The 35-story Millennium Tower in Battery Park City (“BPC”), developed by Millennium Partners and completed last year, was one of the first residential high-rises to earn a LEED Gold rating in New York City (The Solaire & The Helena). The unassuming brick-and-aluminum-clad condominium building, designed by Handel Architects with Steven Winter Associates serving as green consultants, incorporates an honest commitment to cleaner water and air and lower energy costs. gbNYC recently discussed the building in the aftermath of its installation of the first microturbines in the city pursuant to the new rule which was enacted by Mayor Bloomberg last December.
The 428,000-square-foot building’s energy needs have been reduced by 25 percent, primarily through the use of rooftop photovoltaic cells estimated to generate 27.1 kW of electricity. The tower’s water needs have been cut by 33 percent thanks to a rooftop garden that captures rainwater re-used for irrigation, as well as a 2500-gallon wastewater treatment facility. Inside, the finishes are low-VOC, and the units’ air filtration systems remove 85 percent of airborne particles.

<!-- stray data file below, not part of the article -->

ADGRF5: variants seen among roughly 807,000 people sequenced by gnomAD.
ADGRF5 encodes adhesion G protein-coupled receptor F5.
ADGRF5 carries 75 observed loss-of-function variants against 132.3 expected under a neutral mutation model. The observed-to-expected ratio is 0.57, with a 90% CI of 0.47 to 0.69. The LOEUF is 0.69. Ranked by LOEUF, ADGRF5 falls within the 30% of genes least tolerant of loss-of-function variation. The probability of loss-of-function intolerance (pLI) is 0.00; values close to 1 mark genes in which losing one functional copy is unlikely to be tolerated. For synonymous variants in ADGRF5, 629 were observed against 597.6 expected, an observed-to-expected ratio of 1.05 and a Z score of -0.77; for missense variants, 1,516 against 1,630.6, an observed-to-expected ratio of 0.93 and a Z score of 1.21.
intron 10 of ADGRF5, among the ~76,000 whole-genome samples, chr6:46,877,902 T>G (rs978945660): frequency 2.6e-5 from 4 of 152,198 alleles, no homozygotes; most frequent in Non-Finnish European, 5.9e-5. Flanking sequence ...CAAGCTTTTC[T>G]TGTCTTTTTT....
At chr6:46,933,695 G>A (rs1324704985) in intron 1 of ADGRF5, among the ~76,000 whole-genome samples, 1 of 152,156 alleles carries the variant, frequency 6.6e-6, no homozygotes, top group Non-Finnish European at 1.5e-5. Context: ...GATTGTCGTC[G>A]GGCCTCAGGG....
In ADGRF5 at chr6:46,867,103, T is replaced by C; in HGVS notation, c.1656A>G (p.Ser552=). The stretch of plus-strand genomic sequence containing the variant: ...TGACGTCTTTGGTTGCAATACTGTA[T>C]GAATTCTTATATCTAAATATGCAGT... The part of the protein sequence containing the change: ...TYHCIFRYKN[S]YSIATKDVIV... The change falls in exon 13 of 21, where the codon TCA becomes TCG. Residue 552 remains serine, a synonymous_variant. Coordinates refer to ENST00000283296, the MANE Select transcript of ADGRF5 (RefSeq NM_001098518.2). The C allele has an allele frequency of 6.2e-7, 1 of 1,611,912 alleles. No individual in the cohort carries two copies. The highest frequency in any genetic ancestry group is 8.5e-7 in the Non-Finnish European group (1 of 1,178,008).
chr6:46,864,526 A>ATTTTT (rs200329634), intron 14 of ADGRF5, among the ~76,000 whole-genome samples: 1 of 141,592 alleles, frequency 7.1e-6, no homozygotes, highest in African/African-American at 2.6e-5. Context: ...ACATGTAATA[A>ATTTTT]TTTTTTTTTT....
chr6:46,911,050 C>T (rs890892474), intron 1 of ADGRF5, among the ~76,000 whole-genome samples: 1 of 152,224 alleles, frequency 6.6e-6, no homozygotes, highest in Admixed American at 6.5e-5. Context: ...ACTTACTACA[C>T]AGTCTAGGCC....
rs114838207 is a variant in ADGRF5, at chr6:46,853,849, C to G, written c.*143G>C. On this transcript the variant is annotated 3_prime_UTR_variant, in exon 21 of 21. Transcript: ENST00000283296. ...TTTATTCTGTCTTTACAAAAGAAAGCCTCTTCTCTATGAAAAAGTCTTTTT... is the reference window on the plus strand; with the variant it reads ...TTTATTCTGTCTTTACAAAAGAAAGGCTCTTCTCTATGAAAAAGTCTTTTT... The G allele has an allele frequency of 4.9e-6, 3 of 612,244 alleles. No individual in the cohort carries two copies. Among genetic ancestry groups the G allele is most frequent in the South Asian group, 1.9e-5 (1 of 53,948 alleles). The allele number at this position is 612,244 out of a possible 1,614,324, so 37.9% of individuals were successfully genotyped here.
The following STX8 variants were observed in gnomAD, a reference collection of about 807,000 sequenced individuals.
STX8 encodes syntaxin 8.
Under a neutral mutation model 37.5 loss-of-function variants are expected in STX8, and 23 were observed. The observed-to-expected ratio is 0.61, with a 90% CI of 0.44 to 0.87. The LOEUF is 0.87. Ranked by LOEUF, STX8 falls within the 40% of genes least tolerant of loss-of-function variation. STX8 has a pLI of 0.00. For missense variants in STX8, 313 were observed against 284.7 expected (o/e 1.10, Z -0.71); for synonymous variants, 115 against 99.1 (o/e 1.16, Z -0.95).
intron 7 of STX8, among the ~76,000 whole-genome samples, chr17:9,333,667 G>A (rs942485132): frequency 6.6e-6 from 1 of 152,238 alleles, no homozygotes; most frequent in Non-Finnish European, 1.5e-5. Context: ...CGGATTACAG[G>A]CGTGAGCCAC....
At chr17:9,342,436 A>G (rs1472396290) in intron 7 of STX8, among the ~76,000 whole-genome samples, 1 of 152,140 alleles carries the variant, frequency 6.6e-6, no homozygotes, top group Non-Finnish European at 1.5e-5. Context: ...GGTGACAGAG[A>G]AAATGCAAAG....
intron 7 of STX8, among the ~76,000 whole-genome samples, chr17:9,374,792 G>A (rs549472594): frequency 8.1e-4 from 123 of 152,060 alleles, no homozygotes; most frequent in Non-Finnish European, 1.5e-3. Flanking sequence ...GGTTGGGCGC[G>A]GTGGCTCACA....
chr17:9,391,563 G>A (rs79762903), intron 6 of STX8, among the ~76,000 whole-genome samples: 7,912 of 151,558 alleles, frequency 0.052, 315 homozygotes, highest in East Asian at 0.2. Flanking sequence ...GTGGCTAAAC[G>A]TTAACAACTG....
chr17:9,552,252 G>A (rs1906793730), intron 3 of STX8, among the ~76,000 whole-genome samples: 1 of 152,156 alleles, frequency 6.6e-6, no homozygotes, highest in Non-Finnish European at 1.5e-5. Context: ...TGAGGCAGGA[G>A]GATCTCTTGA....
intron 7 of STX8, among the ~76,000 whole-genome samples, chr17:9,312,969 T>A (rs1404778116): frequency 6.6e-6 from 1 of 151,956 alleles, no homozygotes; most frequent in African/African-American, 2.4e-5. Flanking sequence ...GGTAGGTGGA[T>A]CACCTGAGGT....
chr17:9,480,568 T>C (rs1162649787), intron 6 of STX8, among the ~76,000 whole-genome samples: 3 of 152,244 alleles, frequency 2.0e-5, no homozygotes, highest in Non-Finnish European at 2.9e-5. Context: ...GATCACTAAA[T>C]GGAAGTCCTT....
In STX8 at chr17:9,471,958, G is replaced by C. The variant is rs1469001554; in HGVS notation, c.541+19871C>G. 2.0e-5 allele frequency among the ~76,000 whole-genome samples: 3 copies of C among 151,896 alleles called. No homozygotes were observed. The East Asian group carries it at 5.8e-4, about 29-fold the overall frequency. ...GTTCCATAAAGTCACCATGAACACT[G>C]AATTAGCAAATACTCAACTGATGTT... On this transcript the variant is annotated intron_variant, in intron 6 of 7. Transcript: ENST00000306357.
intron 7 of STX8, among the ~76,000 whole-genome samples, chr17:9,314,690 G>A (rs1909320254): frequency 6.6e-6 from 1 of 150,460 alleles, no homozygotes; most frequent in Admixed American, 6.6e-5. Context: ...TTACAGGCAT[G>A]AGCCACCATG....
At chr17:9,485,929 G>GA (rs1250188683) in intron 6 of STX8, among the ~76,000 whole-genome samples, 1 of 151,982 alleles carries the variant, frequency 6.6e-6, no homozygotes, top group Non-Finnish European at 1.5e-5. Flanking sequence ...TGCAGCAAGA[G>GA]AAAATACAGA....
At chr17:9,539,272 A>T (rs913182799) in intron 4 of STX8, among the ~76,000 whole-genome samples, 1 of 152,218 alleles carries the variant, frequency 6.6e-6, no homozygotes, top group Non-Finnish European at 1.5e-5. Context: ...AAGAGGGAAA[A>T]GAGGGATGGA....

BPC has long advocated green construction, attracting developers assured that the premium they pay for sustainable features will subsequently lure the kind of buyer willing to pay a higher price. Green elements constituted ten percent of the Millennium’s $180 million price tag, but all 234 units sold long before construction was completed, fetching between $900,000 and $2 million.